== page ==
I would like to cause doubt and uncertainty, if not anxiety. I like to question the role of the individual, what his field of action is in a society where points of reference are becoming more elusive. In the uneven flow of images that I produce, some are detrimental, pointing the finger to malfunction. Despite everything, it's a certain theatrical pessimism that I aim to see; it is the nuances of the picture, and not the subject, to which I add tar. To put it in the words of Jacques Derrida, it is a haunted picture that I put forward, an image that gives pride to the spectra.
There is a surrealist edge to your photography, how do you go about composing such images?
This part, concerning in particular the B & W pictures, is an attempt to appropriate the unrepresentable concept of space and time. For this, I use the various screens that surround me, by employing offensive and abstract techniques, such as the appearance of white holes or light-tunnel effects evoking other dimensions, or replacing the human face with the vertigo of the infinite, the interstellar void. In short, a position in the universe a little more modest than the one we usually aspire to.
From which project have you felt most satisfaction?
So far, there hasn’t been any specific project far more satisfying than another.
What are some of the biggest challenges you have faced as an artist?
I was talking about serving an ideal, it is quite difficult as an artist. As such, to position oneself as a documentary reporter, or even a creator of a fiction that allows to re-inject a note of blur, of randomness ( I want to say of “cool”), but remaining at the same time loyal to a commitment - that seems to me to be a good challenge.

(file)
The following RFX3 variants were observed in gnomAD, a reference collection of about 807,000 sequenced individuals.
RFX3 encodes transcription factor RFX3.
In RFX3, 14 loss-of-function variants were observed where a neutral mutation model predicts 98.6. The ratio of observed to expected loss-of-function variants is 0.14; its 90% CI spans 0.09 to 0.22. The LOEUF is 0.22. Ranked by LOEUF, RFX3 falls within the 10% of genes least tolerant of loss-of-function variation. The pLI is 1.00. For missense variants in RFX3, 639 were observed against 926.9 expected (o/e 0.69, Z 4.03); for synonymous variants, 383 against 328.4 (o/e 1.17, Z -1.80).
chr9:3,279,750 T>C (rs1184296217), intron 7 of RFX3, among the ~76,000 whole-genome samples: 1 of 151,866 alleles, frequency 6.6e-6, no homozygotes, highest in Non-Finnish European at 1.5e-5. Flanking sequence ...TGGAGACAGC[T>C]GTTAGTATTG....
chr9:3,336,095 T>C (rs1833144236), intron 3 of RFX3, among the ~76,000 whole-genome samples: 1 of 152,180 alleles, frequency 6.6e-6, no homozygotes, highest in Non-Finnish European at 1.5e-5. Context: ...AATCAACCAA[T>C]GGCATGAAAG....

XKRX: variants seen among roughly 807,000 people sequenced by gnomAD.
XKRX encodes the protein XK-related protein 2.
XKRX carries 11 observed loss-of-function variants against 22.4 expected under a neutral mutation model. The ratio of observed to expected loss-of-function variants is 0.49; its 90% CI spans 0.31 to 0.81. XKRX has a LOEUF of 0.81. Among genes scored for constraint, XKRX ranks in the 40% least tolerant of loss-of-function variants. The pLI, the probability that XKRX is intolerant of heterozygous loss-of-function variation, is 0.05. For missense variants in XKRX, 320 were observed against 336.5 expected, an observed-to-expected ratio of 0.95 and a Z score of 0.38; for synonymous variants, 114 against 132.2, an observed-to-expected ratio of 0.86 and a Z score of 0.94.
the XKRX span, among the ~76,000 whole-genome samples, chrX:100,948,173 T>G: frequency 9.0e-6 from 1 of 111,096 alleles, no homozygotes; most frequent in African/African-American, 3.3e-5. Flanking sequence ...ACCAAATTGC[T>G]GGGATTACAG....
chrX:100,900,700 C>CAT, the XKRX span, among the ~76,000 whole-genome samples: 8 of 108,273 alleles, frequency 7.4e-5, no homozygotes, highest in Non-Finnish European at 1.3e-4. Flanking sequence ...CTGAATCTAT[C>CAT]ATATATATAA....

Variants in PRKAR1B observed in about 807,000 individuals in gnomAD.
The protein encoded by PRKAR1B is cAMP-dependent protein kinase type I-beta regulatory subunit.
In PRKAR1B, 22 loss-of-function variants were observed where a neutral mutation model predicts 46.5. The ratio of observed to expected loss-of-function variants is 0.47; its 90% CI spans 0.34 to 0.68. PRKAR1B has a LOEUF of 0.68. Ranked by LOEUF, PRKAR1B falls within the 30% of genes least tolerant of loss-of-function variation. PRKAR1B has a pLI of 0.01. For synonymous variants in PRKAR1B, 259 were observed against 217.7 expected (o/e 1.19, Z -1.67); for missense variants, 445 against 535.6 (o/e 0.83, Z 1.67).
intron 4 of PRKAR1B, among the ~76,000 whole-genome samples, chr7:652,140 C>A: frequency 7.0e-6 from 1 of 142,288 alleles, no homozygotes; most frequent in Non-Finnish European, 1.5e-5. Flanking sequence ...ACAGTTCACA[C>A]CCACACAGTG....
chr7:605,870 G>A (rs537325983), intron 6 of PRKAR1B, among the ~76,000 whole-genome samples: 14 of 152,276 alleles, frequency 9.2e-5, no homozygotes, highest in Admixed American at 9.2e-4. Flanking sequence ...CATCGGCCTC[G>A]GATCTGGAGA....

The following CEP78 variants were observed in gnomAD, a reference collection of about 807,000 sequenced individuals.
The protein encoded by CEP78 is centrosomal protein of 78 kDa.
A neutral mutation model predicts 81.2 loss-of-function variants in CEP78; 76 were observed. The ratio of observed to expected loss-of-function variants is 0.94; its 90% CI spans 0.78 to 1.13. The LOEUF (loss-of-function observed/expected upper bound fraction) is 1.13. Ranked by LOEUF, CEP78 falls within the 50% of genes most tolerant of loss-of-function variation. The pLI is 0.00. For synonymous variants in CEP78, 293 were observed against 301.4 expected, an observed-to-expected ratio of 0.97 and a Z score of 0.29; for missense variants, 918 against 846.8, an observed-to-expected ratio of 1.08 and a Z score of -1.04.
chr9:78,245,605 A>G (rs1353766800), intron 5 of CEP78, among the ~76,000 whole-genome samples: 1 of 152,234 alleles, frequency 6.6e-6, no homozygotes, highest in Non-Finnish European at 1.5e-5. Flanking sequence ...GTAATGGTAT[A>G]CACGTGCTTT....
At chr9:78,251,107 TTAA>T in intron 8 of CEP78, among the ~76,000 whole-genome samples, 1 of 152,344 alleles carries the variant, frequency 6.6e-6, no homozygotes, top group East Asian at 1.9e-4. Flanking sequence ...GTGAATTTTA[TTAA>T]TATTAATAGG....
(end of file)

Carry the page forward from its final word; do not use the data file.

In a time where the internet is so saturated with images and new artists, how do you ensure that your work stands the test of time and does not become obsolete?
I honestly don’t think about that - I'm a producer of images, of immaterial, gratuitous and ephemeral work, among others today. I have both an utopian vision, as I do not think the future is necessarily chaotic or a “non-place”, and a little punk - which drives me to launch my scream into the abyss of the era without worrying about its future echoes.
Is there a certain theme or subject that you would like to explore but have not yet had the chance?
Yes, I would like to tackle certain themes that are important to me, but I must first define what form they will take - the reportage is certainly the most interesting, but it could be interpreted as science fiction or anticipation. I would particularly like to present certain subjects from society in an original way, and to be able to express, even without being an expert (and this is where the artistic aspect becomes interesting), their commitments and plans for the future.
I’m thinking of Alain Cavalier’s film, Pater, where there is this form of “kidnapping”, both creative and participatory, of a domain (in this case the political field, with its codes, etc ...) in order to appropriate it and become proactive, without (I repeat myself) necessarily being a specialist.
What is the most memorable feedback you have been given from one of your projects?
Vice’s response- Ok.
How do you see your style evolving over the next few years?
Ever since I adopted the photographic medium two years ago, the results have always come from a single continuous experience: the daily life, the challenges (overcome or not), commitments, research, it is this body that forms the final work. It is a timeless and hard- to-categorize method, but one that suits me, which has been integrated into life itself - so far I have not felt any weariness and I hope that this way of working is sustainable and will continue indefinitely.